Mars, our planetary neighbor with a similar geologic history, has long been a fascination of Earthlings. Part of that is its proximity to Earth — meaning it's the most-visited planet (by robots, at least); and part of that is because of a number of hopeful yet faint signs that perhaps life once existed there. These hopeful signs run the gamut from a flower-shaped rock; to the presence of tiny electrical storms; to the ever-present possibility that liquid water exists somewhere on the Martian surface or perhaps once did.
"It's possible that life appears regularly in the universe. But the inability of life to maintain habitable conditions on the surface of the planet makes it go extinct very fast. Our experiment takes it even a step farther as it shows that even a very primitive biosphere can have a completely self-destructive effect.""
Yet a new paper in the journal Nature Astronomy has an intriguing premise for the history of life on Mars. We know from geologic evidence that the red planet underwent a significant climate shift in its younger years, one which made it much more arid and less watery. The reason for this climactic shift is not well understood, and the aforementioned paper suggests that climate change, caused by gaseous emissions from life on Mars, may have also destroyed the planet's biosphere.
In a study by French and American researchers, scientists explained that life may have flourished in Martian regoliths (or loose dust and rock on top of a layer of bedrock) because it would have been suffused with salt water and protected from ultraviolet and cosmic radiation. Of course, this would have been roughly 3.7 billion to 4.1 billion years ago, and the life in question would have resembled Earth microbes rather than anything particularly intelligent or sophisticated. Yet these microbes could have flourished to a sufficient degree to consume hydrogen and carbon dioxide, both of which would have existed in troves on Mars at the time — and to release methane.
We know this because, on Earth, microbes like that already exist in hydrothermal vents, and they too release methane using a process known as methanogenesis. Because they do so in the ocean, however, little methane gets released into that atmosphere, as it is absorbed somewhat by the ocean water. These hypothetical Martian microbes would not have had that luxury, and the subsequent release of methane may have altered the planet's atmosphere so much that it eventually became hostile to the microbes.
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"The predicted atmospheric composition shift caused by methanogenesis would have triggered a global cooling event, ending potential early warm conditions, compromising surface habitability and forcing the biosphere deep into the Earth crust," the authors write. They add that, for future explorers to test their hypothesis, they should target "lowland sites at low-to-medium altitudes," as these are the regions where life forms that behaved this way would most likely have left traces for humans to someday discover.
The life in question would have resembled Earth microbes rather than anything particularly intelligent or sophisticated.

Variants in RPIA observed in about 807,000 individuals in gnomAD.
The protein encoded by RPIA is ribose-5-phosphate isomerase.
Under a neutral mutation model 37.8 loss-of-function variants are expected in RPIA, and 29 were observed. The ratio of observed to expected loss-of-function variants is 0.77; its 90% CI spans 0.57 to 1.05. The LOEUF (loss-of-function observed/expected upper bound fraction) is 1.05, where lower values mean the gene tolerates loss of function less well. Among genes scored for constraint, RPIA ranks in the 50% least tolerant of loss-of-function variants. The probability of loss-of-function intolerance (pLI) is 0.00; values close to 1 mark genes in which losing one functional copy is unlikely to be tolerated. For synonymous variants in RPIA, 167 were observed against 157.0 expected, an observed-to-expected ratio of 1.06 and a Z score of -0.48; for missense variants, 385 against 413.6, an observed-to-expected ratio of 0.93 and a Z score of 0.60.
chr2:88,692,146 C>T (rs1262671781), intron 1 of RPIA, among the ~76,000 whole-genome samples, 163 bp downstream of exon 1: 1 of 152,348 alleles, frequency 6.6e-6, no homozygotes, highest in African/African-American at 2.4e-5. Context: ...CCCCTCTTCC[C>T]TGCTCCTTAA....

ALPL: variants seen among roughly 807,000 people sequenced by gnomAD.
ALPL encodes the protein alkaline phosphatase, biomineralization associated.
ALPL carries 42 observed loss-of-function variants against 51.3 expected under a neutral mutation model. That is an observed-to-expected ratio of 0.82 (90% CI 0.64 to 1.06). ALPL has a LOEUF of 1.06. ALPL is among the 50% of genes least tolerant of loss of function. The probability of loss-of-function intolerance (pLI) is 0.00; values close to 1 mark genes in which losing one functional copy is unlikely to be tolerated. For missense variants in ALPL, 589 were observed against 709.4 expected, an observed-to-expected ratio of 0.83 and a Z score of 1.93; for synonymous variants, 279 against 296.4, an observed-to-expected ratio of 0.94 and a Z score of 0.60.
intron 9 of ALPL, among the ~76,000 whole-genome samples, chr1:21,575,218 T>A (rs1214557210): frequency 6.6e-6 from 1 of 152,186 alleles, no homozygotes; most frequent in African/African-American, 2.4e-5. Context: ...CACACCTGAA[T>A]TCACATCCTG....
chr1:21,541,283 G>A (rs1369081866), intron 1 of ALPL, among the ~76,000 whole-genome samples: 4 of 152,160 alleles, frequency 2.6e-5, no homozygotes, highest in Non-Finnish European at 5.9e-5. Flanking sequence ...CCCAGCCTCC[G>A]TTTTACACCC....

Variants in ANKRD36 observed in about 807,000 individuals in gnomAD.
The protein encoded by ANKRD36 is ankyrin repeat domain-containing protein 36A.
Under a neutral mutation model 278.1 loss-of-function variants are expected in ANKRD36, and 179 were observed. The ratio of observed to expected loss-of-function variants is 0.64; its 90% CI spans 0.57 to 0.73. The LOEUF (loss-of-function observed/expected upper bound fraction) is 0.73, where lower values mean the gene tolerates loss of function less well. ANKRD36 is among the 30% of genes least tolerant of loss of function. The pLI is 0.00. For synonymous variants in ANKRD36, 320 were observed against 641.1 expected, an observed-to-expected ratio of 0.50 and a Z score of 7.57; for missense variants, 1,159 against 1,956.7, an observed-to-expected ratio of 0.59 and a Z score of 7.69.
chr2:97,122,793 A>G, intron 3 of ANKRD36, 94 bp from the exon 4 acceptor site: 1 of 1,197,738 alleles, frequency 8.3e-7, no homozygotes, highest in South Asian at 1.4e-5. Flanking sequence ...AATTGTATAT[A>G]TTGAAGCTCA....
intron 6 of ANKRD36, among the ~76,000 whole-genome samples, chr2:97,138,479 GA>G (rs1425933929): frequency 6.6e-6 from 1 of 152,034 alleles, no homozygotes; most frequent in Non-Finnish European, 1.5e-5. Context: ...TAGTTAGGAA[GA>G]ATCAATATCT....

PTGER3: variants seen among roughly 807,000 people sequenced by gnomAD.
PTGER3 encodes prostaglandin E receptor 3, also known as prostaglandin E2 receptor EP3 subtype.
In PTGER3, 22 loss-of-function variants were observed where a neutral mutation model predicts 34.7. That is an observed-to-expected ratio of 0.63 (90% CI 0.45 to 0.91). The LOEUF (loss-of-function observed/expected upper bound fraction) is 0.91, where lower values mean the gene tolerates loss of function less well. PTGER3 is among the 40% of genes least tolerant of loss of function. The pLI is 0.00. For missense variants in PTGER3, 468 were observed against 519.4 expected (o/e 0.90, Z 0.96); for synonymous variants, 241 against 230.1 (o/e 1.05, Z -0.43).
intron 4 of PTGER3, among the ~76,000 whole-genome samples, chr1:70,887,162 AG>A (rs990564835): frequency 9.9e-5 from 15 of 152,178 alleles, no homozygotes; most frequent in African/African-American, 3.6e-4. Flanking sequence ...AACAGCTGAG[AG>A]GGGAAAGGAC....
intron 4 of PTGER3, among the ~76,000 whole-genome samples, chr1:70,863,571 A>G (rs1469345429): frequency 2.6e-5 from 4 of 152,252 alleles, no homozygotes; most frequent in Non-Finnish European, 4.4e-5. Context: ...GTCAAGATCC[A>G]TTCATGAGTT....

Humans are well-acquainted with the idea of man-made climate change, for which there is scientific consensus that the emissions of industrial civilization, particularly of carbon dioxide, are slowly altering the temperature of the planet. Yet the idea of simple life, perhaps even single-celled life, altering a planet's atmosphere so much as to change its climate is not far-fetched. Indeed, at multiple points in Earth's history such a thing has transpired. Between 2 billion and 2.4 billion years ago, algae converted so much carbon dioxide into oxygen as to permanently alter the composition of Earth's atmosphere. The Great Oxygenation Event, as it is known, also led to the creation of the protective ozone layer around Earth, which shields land-dwelling life from harmful ultraviolet rays. Both of these events permanently changed the future evolutionary history of life on Earth, as well as the climate.
But while the Great Oxygenation Event rendered Earth more inhabitable for some life and less habitable for others (particularly anaerobic bacteria), the prospect of Martian life rendering its own planet inhospitable has an eerie similarity to humanity's behavior today. Man-made climate change is expected to cause sea levels to rise, increase the number of pandemics, cause heat waves and render large areas of the planet uninhabitable, lead to more wildfires and in other ways destroy Earth life as we know it. The parallels between Earth's current predicament and the one that may have existed on Mars billions of years ago was not lost on the authors of the study.
"The ingredients of life are everywhere in the universe," astrobiologist Boris Sauterey from the Institut de Biologie de l'Ecole Normale Supérieure (IBENS) in Paris, France, who led the research, told Space.com. "So it's possible that life appears regularly in the universe. But the inability of life to maintain habitable conditions on the surface of the planet makes it go extinct very fast. Our experiment takes it even a step farther as it shows that even a very primitive biosphere can have a completely self-destructive effect."